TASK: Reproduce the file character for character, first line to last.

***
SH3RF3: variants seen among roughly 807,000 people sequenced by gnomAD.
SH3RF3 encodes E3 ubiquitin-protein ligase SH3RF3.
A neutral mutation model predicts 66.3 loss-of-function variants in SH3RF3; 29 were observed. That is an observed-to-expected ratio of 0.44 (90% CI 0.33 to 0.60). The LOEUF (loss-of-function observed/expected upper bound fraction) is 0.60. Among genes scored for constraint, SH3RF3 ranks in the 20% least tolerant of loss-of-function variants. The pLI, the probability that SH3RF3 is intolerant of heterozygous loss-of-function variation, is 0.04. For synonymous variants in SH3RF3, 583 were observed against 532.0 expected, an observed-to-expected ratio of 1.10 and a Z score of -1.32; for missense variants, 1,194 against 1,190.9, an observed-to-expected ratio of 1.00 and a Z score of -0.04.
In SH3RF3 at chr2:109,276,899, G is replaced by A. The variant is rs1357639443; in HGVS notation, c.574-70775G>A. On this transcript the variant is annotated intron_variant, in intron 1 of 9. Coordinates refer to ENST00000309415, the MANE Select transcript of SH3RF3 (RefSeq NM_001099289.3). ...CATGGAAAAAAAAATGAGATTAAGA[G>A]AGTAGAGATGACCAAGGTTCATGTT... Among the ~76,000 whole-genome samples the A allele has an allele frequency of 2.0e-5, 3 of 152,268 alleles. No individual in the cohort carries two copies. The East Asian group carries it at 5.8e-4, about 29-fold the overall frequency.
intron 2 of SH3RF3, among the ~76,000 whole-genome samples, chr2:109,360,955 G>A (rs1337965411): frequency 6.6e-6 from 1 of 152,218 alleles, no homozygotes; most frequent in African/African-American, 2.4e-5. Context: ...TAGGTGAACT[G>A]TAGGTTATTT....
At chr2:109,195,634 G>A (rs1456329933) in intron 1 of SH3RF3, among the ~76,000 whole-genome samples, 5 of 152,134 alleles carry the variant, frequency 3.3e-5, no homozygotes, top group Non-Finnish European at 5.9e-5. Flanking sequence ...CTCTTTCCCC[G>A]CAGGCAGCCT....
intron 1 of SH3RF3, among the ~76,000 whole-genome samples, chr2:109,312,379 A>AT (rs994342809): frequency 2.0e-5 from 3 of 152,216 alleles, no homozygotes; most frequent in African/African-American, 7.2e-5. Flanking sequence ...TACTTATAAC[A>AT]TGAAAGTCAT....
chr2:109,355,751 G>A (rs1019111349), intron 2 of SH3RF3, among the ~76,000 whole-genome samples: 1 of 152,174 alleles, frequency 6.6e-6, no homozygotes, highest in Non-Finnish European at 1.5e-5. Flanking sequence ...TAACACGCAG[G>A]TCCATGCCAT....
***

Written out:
SH3RF3: variants seen among roughly 807,000 people sequenced by gnomAD.
SH3RF3 encodes E3 ubiquitin-protein ligase SH3RF3.
A neutral mutation model predicts 66.3 loss-of-function variants in SH3RF3; 29 were observed. That is an observed-to-expected ratio of 0.44 (90% CI 0.33 to 0.60). The LOEUF (loss-of-function observed/expected upper bound fraction) is 0.60. Among genes scored for constraint, SH3RF3 ranks in the 20% least tolerant of loss-of-function variants. The pLI, the probability that SH3RF3 is intolerant of heterozygous loss-of-function variation, is 0.04. For synonymous variants in SH3RF3, 583 were observed against 532.0 expected, an observed-to-expected ratio of 1.10 and a Z score of -1.32; for missense variants, 1,194 against 1,190.9, an observed-to-expected ratio of 1.00 and a Z score of -0.04.
In SH3RF3 at chr2:109,276,899, G is replaced by A. The variant is rs1357639443; in HGVS notation, c.574-70775G>A. On this transcript the variant is annotated intron_variant, in intron 1 of 9. Coordinates refer to ENST00000309415, the MANE Select transcript of SH3RF3 (RefSeq NM_001099289.3). ...CATGGAAAAAAAAATGAGATTAAGA[G>A]AGTAGAGATGACCAAGGTTCATGTT... Among the ~76,000 whole-genome samples the A allele has an allele frequency of 2.0e-5, 3 of 152,268 alleles. No individual in the cohort carries two copies. The East Asian group carries it at 5.8e-4, about 29-fold the overall frequency.
intron 2 of SH3RF3, among the ~76,000 whole-genome samples, chr2:109,360,955 G>A (rs1337965411): frequency 6.6e-6 from 1 of 152,218 alleles, no homozygotes; most frequent in African/African-American, 2.4e-5. Context: ...TAGGTGAACT[G>A]TAGGTTATTT....
At chr2:109,195,634 G>A (rs1456329933) in intron 1 of SH3RF3, among the ~76,000 whole-genome samples, 5 of 152,134 alleles carry the variant, frequency 3.3e-5, no homozygotes, top group Non-Finnish European at 5.9e-5. Flanking sequence ...CTCTTTCCCC[G>A]CAGGCAGCCT....
intron 1 of SH3RF3, among the ~76,000 whole-genome samples, chr2:109,312,379 A>AT (rs994342809): frequency 2.0e-5 from 3 of 152,216 alleles, no homozygotes; most frequent in African/African-American, 7.2e-5. Flanking sequence ...TACTTATAAC[A>AT]TGAAAGTCAT....
chr2:109,355,751 G>A (rs1019111349), intron 2 of SH3RF3, among the ~76,000 whole-genome samples: 1 of 152,174 alleles, frequency 6.6e-6, no homozygotes, highest in Non-Finnish European at 1.5e-5. Flanking sequence ...TAACACGCAG[G>A]TCCATGCCAT....